For the Knights Templar – saints’ relics were very important. And the ordinary people had a great deal of faith in the leg bone or skull of a dead holy person. Various stories circulated at the time about the power of these relics.
Two beggars had the misfortune to get a little too close to the relics of Saint Martin. They were desperate not to be healed as nobody would ever give them money again. And they certainly didn’t want to do an honest day’s work.
But the sweep of the crowd edging forward to touch the body of the saint caught them up and before they knew it, their blindness was cured. The chronicler says the two men were hugely pissed off by this – rather like the character unwillingly healed in Monty Python’s ‘Life of Brian’.
One story that shows how everybody was a sucker for a good relic in the Middle Ages was the claim by monks at the abbey of Saint Jean in Aquitaine, south west France, that they had discovered the head of John the Baptist. This would have come as something of a surprise to a church in far off Antioch – modern Turkey – where they quite sure that the head of John the Baptist had been sitting above their altar for centuries.
But nothing was to stop the French monks who were a bit hazy on the small details of where and how they’d found this head so far from where it had been chopped off a thousand years before. Needless to say plenty of French peasants began claiming that their ailments were cured by the head in their midst. And as relics seem to need the company of other relics, John the Baptist was soon joined by the remains of Saint Eparchius.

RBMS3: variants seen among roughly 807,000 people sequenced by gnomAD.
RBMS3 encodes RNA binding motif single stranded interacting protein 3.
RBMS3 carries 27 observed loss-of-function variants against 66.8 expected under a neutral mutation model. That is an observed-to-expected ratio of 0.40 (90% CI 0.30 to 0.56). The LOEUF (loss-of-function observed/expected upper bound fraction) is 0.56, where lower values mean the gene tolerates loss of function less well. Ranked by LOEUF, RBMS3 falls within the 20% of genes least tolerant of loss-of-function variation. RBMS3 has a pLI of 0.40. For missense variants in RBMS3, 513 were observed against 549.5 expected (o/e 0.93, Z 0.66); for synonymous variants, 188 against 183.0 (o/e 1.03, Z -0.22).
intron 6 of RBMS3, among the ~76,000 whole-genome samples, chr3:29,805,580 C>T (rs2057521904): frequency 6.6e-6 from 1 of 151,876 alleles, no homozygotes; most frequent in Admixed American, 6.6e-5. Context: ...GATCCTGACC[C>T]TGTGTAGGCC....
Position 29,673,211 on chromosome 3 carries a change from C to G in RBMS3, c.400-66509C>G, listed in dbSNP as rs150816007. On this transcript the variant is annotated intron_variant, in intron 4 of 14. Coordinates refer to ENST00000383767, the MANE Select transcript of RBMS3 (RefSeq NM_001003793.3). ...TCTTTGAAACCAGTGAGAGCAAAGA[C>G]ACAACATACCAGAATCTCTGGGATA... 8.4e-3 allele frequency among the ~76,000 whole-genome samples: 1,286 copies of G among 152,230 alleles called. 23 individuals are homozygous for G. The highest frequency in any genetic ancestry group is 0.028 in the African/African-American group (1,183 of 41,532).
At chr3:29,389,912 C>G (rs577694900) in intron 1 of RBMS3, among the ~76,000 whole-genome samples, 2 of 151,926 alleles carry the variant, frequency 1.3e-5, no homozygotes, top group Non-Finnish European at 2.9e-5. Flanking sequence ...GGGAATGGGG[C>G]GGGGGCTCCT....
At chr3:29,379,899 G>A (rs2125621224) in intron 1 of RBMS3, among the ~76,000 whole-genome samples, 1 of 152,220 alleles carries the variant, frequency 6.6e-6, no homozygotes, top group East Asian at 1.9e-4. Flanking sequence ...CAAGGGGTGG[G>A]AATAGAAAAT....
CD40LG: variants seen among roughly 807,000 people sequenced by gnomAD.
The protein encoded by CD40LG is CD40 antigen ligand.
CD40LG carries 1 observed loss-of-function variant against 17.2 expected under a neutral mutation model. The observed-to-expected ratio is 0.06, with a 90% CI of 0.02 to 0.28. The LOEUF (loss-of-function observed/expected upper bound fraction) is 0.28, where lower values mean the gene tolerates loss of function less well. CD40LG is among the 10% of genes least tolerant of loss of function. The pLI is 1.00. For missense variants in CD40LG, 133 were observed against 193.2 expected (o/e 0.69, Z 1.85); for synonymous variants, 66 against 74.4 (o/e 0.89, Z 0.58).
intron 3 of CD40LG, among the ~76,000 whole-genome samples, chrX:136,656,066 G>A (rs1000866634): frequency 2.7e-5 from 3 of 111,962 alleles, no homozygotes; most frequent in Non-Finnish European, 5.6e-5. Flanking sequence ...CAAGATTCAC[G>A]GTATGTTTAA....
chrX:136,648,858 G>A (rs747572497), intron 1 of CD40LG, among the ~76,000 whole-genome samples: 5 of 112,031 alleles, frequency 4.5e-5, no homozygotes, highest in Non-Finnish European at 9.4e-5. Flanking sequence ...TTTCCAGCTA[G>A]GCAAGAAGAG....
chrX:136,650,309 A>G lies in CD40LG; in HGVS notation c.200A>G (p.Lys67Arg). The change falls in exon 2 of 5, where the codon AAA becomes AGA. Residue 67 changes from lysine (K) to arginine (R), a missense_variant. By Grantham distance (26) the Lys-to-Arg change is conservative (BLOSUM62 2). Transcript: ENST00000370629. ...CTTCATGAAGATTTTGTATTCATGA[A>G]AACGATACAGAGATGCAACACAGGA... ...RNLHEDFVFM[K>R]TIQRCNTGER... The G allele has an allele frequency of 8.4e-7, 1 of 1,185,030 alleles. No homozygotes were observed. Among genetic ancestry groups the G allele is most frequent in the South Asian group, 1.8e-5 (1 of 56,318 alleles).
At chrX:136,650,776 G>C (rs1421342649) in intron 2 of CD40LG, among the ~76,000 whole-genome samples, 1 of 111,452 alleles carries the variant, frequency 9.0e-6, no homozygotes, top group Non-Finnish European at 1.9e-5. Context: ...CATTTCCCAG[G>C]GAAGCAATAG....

Saint Eparchius had died in the sixth century and his good deeds in life had centered on rescuing condemned criminals. Bit soft on crime you could say. One man hung at the gallows was brought back to life by the saint whose head now joined John the Baptist. The sky burned with fire when the two relics were put together.
Another relic that showed off its power was that of Saint Junianus whose bits and pieces were being transported in a sack by some monks and one night they stopped off at a village to sleep. After they left, the villagers erected a wicker fence around the place where the relics had been set down. Later that very day, an angry bull charged in to the fence and died instantly.
Bishop Gregory of Tours, who was writing in the very early medieval period after the fall of the Roman Empire, was sure that Saint Martin – mentioned above – had cured him of all sorts of things. One was a massive attack of dysentery that left him vomiting and on the toilet constantly. His physician couldn’t cure him but lo and behold, some dust taken from Saint Martin’s tomb and mixed in to an elixir, did the trick.
Touching Saint Martin’s tomb also sorted out Gregory’s recurring headaches, removed a fishbone from his throat, cured what sounds like chickenpox or shingles and when his tongue swelled up, he took to licking part of the tomb. Yuck!
Most incredibly to Gregory, a woman who had been beaten up and rendered speechless by a ghost (I’m not making this up!) recovered her speech and was able to tell Gregory all about what had happened after she visited Martin’s tomb. I’m hoping she didn’t have to lick it as well.